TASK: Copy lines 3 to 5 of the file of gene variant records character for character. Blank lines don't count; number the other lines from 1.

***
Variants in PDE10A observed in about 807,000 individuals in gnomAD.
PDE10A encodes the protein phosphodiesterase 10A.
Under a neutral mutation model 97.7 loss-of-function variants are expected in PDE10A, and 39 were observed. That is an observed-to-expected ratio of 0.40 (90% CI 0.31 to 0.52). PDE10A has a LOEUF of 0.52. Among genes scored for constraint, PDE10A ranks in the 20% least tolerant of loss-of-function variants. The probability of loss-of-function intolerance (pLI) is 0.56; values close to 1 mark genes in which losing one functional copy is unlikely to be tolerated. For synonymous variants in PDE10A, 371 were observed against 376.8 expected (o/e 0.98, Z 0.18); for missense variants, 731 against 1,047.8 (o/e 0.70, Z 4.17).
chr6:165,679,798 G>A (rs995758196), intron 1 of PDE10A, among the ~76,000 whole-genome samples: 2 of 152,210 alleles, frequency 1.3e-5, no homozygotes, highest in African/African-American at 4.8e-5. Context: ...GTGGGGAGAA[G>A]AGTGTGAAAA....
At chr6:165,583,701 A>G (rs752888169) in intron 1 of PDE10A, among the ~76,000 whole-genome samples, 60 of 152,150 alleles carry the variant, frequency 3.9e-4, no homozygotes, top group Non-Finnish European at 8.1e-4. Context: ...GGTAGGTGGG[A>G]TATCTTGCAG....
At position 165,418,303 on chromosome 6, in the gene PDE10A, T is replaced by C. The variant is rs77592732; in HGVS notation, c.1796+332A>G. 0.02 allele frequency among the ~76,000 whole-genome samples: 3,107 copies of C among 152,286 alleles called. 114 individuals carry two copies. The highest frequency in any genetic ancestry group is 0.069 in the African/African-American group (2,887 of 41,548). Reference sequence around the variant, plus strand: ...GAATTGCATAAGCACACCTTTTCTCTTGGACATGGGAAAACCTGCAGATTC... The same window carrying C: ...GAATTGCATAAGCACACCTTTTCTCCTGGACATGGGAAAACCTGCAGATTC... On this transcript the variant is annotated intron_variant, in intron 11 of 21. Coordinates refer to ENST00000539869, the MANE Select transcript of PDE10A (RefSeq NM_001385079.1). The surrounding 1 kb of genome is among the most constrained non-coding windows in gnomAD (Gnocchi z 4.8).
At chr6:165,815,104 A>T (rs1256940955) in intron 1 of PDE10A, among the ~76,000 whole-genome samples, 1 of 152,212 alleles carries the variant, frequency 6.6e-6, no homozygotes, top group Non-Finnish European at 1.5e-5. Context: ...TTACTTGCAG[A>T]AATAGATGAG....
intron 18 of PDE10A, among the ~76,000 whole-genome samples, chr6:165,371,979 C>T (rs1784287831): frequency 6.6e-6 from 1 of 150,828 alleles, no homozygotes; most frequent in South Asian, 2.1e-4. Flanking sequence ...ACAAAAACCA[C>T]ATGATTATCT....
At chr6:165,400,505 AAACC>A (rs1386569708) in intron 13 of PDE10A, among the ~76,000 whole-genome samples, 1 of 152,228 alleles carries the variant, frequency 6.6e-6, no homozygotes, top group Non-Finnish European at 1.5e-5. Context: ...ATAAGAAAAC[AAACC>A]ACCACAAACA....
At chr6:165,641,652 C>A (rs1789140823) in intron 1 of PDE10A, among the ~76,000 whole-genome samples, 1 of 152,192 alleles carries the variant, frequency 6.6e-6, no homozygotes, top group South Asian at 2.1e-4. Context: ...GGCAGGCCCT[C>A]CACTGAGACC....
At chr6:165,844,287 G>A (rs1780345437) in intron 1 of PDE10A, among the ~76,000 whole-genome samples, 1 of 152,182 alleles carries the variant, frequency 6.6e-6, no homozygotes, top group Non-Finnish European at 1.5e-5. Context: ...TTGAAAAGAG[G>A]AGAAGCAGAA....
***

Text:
Under a neutral mutation model 97.7 loss-of-function variants are expected in PDE10A, and 39 were observed. That is an observed-to-expected ratio of 0.40 (90% CI 0.31 to 0.52). PDE10A has a LOEUF of 0.52. Among genes scored for constraint, PDE10A ranks in the 20% least tolerant of loss-of-function variants. The probability of loss-of-function intolerance (pLI) is 0.56; values close to 1 mark genes in which losing one functional copy is unlikely to be tolerated. For synonymous variants in PDE10A, 371 were observed against 376.8 expected (o/e 0.98, Z 0.18); for missense variants, 731 against 1,047.8 (o/e 0.70, Z 4.17).
chr6:165,679,798 G>A (rs995758196), intron 1 of PDE10A, among the ~76,000 whole-genome samples: 2 of 152,210 alleles, frequency 1.3e-5, no homozygotes, highest in African/African-American at 4.8e-5. Context: ...GTGGGGAGAA[G>A]AGTGTGAAAA....
At chr6:165,583,701 A>G (rs752888169) in intron 1 of PDE10A, among the ~76,000 whole-genome samples, 60 of 152,150 alleles carry the variant, frequency 3.9e-4, no homozygotes, top group Non-Finnish European at 8.1e-4. Context: ...GGTAGGTGGG[A>G]TATCTTGCAG....